Fortune magazine notes how Facebook dramatically shrunk the amount of time to reach 150 million users or sell 150 million units. Phones took 89 years, televisions took 38, cellphones took 14, iPods took 7 years and Facebook took only 5. [Fortune doesn’t focus on the fact that the population is larger now so getting to 150 million users or units is easier and that Facebook is aided by the fact that it is free, but Facebook’s growth was impressive nonetheless.]
In 2009, Facebookers spent 169 minutes a month on average (or almost 3 hours) on the site and this increased rapidly. Fortune doesn’t present a graphic but I assume that there is a group of manic Facebook users that spend 3-5 hours a day on the site or more and some users who use it very rarely. Facebook acknowledged several years back that less than 10% of users, although still a sizable 15 million folks, do update their status every day (and this is up almost 400% from 2010 while over the same period the number of users was up only 75%, so the growth wasn’t just coming from more users ).
Zuckerberg’s vision is to have Facebook be a “social utility” where “one day everyone would be able to use it to locate people on the web “ David Pogue has an interesting story showing how this is starting to come true: a woman who found a wallet in a NY cab was able to track the wallet’s owner down on Facebook when she couldn’t through 411. But equally the reality is that it can and is being used not just to locate people on the web, but to sell everything about them to others.
Read other posts about the social implications of Facebook.
See New York Magazine’s, “Do You Own Facebook? Or Does Facebook Own You?” (4/5/09) (describing how Julius Harper’s group on Facebook, protesting Facebook’s privacy policies, swelled to almost 150,000 members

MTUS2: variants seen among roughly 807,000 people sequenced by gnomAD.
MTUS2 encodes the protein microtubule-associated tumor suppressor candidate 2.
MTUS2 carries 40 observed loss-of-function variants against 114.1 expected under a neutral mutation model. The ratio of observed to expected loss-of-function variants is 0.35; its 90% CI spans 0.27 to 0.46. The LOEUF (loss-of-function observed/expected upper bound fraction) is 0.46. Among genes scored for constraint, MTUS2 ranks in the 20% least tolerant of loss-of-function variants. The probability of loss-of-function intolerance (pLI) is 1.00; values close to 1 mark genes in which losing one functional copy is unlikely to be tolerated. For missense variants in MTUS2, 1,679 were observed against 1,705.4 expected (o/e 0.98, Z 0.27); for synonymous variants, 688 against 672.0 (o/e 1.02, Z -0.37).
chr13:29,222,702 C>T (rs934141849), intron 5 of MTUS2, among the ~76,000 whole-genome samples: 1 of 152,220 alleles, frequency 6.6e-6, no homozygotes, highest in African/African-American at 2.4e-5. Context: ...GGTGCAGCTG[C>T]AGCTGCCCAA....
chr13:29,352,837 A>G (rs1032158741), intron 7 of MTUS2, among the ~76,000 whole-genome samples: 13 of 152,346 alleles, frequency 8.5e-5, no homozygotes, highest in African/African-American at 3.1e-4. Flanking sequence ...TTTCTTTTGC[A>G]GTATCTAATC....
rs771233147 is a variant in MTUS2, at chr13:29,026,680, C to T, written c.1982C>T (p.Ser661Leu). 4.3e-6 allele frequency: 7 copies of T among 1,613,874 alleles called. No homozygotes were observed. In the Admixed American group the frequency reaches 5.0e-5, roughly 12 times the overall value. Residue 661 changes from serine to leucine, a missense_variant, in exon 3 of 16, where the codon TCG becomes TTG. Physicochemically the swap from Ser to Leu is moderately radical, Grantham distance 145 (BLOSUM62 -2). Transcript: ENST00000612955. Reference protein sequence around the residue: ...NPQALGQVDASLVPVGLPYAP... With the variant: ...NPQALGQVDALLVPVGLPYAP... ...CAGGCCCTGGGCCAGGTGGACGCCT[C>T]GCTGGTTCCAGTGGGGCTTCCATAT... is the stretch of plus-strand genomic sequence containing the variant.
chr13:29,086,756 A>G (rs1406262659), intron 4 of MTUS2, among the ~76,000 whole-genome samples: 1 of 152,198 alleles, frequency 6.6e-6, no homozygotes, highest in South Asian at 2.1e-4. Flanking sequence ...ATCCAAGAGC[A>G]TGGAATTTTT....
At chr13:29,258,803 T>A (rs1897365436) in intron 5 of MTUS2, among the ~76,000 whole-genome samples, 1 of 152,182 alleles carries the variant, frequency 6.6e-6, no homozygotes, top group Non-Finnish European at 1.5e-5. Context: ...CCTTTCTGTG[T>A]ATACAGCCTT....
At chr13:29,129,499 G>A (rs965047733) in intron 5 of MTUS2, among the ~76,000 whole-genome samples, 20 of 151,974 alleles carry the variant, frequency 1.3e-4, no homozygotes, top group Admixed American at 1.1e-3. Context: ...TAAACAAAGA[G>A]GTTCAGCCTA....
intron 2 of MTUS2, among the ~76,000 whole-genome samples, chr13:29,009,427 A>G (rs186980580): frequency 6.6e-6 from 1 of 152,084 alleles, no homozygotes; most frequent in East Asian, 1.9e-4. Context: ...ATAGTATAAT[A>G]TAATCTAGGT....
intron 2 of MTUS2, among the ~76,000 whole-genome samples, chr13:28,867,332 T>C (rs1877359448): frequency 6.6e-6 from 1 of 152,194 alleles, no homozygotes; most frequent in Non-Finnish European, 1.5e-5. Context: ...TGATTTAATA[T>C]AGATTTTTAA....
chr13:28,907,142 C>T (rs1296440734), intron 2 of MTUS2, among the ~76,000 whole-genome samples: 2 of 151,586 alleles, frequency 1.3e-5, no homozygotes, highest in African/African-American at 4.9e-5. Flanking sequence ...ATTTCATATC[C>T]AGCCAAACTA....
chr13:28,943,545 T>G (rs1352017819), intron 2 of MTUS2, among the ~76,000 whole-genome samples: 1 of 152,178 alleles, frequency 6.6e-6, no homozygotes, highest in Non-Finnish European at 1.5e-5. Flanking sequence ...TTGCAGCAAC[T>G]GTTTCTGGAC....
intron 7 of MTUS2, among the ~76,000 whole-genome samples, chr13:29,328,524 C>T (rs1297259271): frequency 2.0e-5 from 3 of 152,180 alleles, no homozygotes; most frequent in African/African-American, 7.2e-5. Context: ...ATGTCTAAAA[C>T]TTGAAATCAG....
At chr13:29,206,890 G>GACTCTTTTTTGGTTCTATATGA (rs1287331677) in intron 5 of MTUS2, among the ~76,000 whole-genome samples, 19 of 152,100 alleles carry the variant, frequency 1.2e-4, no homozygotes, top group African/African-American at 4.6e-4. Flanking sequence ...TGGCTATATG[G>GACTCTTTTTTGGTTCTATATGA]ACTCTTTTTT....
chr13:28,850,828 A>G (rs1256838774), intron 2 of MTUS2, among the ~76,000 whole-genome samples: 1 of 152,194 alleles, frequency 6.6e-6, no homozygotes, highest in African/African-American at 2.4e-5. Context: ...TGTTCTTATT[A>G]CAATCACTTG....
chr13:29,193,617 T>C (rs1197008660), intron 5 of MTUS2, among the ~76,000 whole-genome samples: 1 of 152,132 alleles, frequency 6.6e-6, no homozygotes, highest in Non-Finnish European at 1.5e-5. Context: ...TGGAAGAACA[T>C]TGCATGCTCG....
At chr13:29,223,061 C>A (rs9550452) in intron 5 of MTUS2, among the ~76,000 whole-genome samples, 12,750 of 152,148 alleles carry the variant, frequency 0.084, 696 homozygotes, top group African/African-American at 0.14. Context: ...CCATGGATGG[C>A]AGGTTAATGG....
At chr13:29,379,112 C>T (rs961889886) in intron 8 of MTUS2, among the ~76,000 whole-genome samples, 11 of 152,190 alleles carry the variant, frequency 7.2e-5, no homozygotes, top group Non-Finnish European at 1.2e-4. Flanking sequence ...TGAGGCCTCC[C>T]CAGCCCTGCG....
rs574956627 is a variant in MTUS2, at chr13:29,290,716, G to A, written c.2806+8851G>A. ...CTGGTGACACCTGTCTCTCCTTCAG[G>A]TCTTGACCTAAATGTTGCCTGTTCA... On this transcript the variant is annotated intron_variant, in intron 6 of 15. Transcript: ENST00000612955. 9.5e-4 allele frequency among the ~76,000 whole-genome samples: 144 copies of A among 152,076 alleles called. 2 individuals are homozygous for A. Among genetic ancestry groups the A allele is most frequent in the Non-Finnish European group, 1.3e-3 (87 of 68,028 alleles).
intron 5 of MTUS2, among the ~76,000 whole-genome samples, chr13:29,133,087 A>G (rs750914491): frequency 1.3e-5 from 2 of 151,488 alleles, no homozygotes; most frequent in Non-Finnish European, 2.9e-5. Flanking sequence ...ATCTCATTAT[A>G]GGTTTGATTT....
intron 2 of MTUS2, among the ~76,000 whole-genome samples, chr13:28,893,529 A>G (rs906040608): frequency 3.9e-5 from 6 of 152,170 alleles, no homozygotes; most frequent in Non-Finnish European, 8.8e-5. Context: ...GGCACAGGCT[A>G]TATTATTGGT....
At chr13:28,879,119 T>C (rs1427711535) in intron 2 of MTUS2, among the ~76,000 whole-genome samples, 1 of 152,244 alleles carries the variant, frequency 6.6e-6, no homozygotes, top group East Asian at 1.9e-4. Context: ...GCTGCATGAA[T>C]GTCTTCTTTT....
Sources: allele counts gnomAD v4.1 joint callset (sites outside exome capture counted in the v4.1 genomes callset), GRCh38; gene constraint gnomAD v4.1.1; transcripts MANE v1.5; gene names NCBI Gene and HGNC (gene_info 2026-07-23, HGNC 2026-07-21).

Read the interesting Fortune Cover Story, “How Facebook is Taking Over Our Lives” by Jessi Hempel (3/2/09)
“Facebook Is Using You” (Lori Andrews Op-Ed, NYT, 2/4/12) that notes that information revealed on Facebook can hurt you down the road in mortgage applications, job interviews, etc.
Read Lori Andrews’ I Know Who You Are and I Saw What You Did: Social Networks and the Death of Privacy (2012). [NYT review of book here.]
Read “Selling You on Facebook” (WSJ, 4/8/12 by Julia Angwin and Jeremy Singer-Vine)
And if you want to laugh about it, see the Onion’s satire “Mark Zuckerberg Is a CIA Agent “. Laughing aside, the CIA has purchased a stake in Q-Tel and Visible Technologies to actually listen in on social media (including YouTube, blogs, tweets, etc.) and the CIA has admitted to using social media software in recruiting operatives.
Obama Information Czar and Nudge co-author Cass Sunstein suggested in a 2008 paper “Conspiracy Theories” with co-author Adrian Vermeule that government might “cognitively infiltrate” social networks to help unveil conspiracy theorists and change their minds.